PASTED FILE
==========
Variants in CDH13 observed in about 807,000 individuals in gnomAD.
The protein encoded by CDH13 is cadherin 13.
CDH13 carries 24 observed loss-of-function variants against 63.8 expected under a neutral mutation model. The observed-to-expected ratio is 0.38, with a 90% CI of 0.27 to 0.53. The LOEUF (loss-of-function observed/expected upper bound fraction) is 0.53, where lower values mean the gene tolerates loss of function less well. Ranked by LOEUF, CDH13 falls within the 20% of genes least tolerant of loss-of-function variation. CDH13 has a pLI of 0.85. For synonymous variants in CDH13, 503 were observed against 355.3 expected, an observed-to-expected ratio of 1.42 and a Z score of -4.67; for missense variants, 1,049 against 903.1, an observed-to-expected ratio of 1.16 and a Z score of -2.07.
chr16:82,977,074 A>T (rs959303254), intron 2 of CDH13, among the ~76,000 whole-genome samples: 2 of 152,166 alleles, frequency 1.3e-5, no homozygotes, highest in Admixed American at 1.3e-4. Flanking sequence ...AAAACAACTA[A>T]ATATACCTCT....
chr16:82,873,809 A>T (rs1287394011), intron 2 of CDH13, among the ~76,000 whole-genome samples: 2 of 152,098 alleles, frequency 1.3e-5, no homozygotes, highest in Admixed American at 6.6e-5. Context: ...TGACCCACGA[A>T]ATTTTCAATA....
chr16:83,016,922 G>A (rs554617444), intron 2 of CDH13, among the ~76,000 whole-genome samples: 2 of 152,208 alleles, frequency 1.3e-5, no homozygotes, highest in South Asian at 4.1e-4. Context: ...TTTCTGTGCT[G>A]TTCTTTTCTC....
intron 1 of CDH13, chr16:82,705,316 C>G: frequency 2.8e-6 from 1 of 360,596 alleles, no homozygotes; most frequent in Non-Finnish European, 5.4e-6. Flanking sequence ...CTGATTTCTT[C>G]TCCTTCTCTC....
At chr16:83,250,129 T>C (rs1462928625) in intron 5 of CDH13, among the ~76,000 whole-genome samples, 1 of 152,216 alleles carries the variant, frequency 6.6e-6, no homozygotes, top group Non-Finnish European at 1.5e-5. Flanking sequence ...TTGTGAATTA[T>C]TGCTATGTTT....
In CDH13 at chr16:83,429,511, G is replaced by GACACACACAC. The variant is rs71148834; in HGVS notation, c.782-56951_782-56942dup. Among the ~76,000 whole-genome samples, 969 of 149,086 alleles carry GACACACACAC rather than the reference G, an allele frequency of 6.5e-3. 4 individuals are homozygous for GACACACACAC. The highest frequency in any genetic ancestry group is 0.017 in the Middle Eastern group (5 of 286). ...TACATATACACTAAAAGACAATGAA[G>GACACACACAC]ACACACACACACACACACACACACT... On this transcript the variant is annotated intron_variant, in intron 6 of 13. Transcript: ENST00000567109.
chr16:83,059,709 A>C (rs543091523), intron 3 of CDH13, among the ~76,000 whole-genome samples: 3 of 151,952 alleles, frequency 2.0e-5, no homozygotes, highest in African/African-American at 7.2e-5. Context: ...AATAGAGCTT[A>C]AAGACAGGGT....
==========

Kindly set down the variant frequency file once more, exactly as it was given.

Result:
Variants in CDH13 observed in about 807,000 individuals in gnomAD.
The protein encoded by CDH13 is cadherin 13.
CDH13 carries 24 observed loss-of-function variants against 63.8 expected under a neutral mutation model. The observed-to-expected ratio is 0.38, with a 90% CI of 0.27 to 0.53. The LOEUF (loss-of-function observed/expected upper bound fraction) is 0.53, where lower values mean the gene tolerates loss of function less well. Ranked by LOEUF, CDH13 falls within the 20% of genes least tolerant of loss-of-function variation. CDH13 has a pLI of 0.85. For synonymous variants in CDH13, 503 were observed against 355.3 expected, an observed-to-expected ratio of 1.42 and a Z score of -4.67; for missense variants, 1,049 against 903.1, an observed-to-expected ratio of 1.16 and a Z score of -2.07.
chr16:82,977,074 A>T (rs959303254), intron 2 of CDH13, among the ~76,000 whole-genome samples: 2 of 152,166 alleles, frequency 1.3e-5, no homozygotes, highest in Admixed American at 1.3e-4. Flanking sequence ...AAAACAACTA[A>T]ATATACCTCT....
chr16:82,873,809 A>T (rs1287394011), intron 2 of CDH13, among the ~76,000 whole-genome samples: 2 of 152,098 alleles, frequency 1.3e-5, no homozygotes, highest in Admixed American at 6.6e-5. Context: ...TGACCCACGA[A>T]ATTTTCAATA....
chr16:83,016,922 G>A (rs554617444), intron 2 of CDH13, among the ~76,000 whole-genome samples: 2 of 152,208 alleles, frequency 1.3e-5, no homozygotes, highest in South Asian at 4.1e-4. Context: ...TTTCTGTGCT[G>A]TTCTTTTCTC....
intron 1 of CDH13, chr16:82,705,316 C>G: frequency 2.8e-6 from 1 of 360,596 alleles, no homozygotes; most frequent in Non-Finnish European, 5.4e-6. Flanking sequence ...CTGATTTCTT[C>G]TCCTTCTCTC....
At chr16:83,250,129 T>C (rs1462928625) in intron 5 of CDH13, among the ~76,000 whole-genome samples, 1 of 152,216 alleles carries the variant, frequency 6.6e-6, no homozygotes, top group Non-Finnish European at 1.5e-5. Flanking sequence ...TTGTGAATTA[T>C]TGCTATGTTT....
In CDH13 at chr16:83,429,511, G is replaced by GACACACACAC. The variant is rs71148834; in HGVS notation, c.782-56951_782-56942dup. Among the ~76,000 whole-genome samples, 969 of 149,086 alleles carry GACACACACAC rather than the reference G, an allele frequency of 6.5e-3. 4 individuals are homozygous for GACACACACAC. The highest frequency in any genetic ancestry group is 0.017 in the Middle Eastern group (5 of 286). ...TACATATACACTAAAAGACAATGAA[G>GACACACACAC]ACACACACACACACACACACACACT... On this transcript the variant is annotated intron_variant, in intron 6 of 13. Transcript: ENST00000567109.
chr16:83,059,709 A>C (rs543091523), intron 3 of CDH13, among the ~76,000 whole-genome samples: 3 of 151,952 alleles, frequency 2.0e-5, no homozygotes, highest in African/African-American at 7.2e-5. Context: ...AATAGAGCTT[A>C]AAGACAGGGT....